From Andy Scott's vision to a stunning
The history of The Kelpies
Chosen by Scottish Canals at the inception of the project, The
Kelpies name reflected the mythological transforming beasts
possessing the strength and endurance of 100 horses; a quality that
is analogous with the transformational change of our landscapes,
endurance of our inland waterways and the strength of our
Andy Scott's vision for The Kelpies follows the lineage of the
heavy horse of industry and economy, pulling the wagons and
ploughs, barges and coalships that shaped the structural layout of
the area. Retaining The Kelpies as the title for these equine
monuments, Andy sought to represent the transformational and
sustainably enduring qualities The Helix stands for through the
majesty of The Kelpies.
"The artistic intent (of the Kelpies) is built around a contemporary sculptural monument. Water-borne, towering gateways into The Helix, the Forth & Clyde canal and Scotland, translating the legacy of the area into proud equine guardians."
Andy Scott, Sculptor
Through artistic evolution and engineering design, The Kelpies
sculptures evolved to fulfil the promise of the original concept.
In Andy Scott's own words:
"During the conceptual stages, I visualised the Kelpies as
monuments to the horse and a paean to the lost industries of the
Falkirk area and of Scotland."
"The original concept of mythical water horses was a valid
starting point for the artistic development of the structures, but
from the original sketches of 2006 I deliberately styled the
sculptures as heavy horses. In early proposal documents I referred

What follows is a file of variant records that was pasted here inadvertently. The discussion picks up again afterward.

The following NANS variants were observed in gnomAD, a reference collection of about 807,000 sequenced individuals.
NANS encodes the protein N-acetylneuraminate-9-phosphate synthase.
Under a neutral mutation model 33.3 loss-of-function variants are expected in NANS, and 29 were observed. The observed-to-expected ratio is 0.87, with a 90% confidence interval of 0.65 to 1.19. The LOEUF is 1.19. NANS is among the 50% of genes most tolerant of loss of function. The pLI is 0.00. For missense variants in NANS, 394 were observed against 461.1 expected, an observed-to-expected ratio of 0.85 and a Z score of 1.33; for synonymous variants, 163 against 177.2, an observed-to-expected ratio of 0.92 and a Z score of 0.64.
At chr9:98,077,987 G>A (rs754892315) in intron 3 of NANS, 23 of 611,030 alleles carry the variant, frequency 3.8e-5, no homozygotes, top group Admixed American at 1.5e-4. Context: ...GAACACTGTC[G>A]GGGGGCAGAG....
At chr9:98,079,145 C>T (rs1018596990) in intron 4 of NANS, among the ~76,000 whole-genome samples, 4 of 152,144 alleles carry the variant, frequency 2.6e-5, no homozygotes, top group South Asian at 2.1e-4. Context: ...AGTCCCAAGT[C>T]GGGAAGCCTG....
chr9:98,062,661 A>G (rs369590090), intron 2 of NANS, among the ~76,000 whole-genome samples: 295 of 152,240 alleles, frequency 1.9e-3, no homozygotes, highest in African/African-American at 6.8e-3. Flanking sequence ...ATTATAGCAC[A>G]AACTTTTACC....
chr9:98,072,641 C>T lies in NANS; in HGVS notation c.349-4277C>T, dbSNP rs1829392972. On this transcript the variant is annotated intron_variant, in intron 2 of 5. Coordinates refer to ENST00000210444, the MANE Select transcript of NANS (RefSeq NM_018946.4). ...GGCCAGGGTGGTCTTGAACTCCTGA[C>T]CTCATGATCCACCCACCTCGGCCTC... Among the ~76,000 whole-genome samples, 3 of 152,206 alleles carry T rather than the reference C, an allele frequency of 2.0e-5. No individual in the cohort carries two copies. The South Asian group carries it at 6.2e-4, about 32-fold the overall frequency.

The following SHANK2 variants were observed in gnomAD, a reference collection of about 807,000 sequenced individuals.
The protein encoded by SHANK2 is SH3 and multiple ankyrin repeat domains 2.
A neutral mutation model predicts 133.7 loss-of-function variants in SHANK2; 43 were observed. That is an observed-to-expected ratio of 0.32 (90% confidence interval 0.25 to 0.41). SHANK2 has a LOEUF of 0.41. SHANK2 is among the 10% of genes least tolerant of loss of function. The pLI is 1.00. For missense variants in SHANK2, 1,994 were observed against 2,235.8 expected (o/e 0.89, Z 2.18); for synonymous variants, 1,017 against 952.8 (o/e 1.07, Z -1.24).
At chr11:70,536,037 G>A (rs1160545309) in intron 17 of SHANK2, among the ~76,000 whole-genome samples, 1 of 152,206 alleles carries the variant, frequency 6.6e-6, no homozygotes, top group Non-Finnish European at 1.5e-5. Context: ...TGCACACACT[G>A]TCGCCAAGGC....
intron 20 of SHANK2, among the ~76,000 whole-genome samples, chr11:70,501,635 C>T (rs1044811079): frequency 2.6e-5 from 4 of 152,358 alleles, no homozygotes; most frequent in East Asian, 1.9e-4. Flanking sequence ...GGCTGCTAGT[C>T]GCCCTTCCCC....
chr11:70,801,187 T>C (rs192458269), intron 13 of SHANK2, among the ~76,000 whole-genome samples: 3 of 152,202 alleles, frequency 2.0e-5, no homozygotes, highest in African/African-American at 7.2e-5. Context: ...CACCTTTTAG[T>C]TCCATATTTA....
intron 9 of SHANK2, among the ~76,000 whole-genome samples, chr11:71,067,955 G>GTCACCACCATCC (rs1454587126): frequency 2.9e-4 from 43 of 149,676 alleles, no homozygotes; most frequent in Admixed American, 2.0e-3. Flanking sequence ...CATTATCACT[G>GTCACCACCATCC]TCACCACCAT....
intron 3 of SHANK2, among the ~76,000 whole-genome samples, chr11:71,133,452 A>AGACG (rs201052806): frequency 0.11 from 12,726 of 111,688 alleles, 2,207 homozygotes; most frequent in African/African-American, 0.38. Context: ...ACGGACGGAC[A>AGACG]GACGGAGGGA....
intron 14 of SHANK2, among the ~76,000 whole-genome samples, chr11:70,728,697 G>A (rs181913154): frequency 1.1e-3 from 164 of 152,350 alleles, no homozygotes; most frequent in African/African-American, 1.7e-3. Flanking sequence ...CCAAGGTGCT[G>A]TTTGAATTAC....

to Clydesdales, Shires and Percherons, of the fabled equus
magnus of the northern countries.
"I wrote of working horses. Of their role in the progress of
modern society, as the powerhouses of the early industrial
revolution, the tractors of early agriculture and of course, the
first source of locomotion for barges on the Forth & Clyde
canal, which The Kelpies now inhabit.
"Falkirk was my father's home town and that inherited
association to the town has been one of my driving inspirations. A
sense of deep personal legacy has informed my thinking from the
outset, with old family connections anchoring me to the
"The Clydesdale horse Carnera once pulled the wagon for local
soft drinks company A.G. Barr in the 1930's. Carnera was the
biggest working horse in the world apparently, standing over 19
hands high. Pulling three-ton wagons full of soft drinks famously
Made in Scotland. From Girders."
"I see The Kelpies as a personification of local and national
equine history, of the lost industries of Scotland. I also envisage
them as a symbol of modern Scotland - proud and majestic, of the
people and the land. They are the culmination of cutting edge
technology and hand crafted artisanship, created by our country's
leading experts through international partnerships.
"They will elevate Falkirk and Grangemouth to national and
international prominence and foster a sense of pride and ownership.
As a canal structure they will partner the iconic Falkirk Wheel,
and echo its grandeur. They stand testament to the achievements of
the past, a tribute to artisanship and engineering and a proud
declaration of intent for the future of Scotland."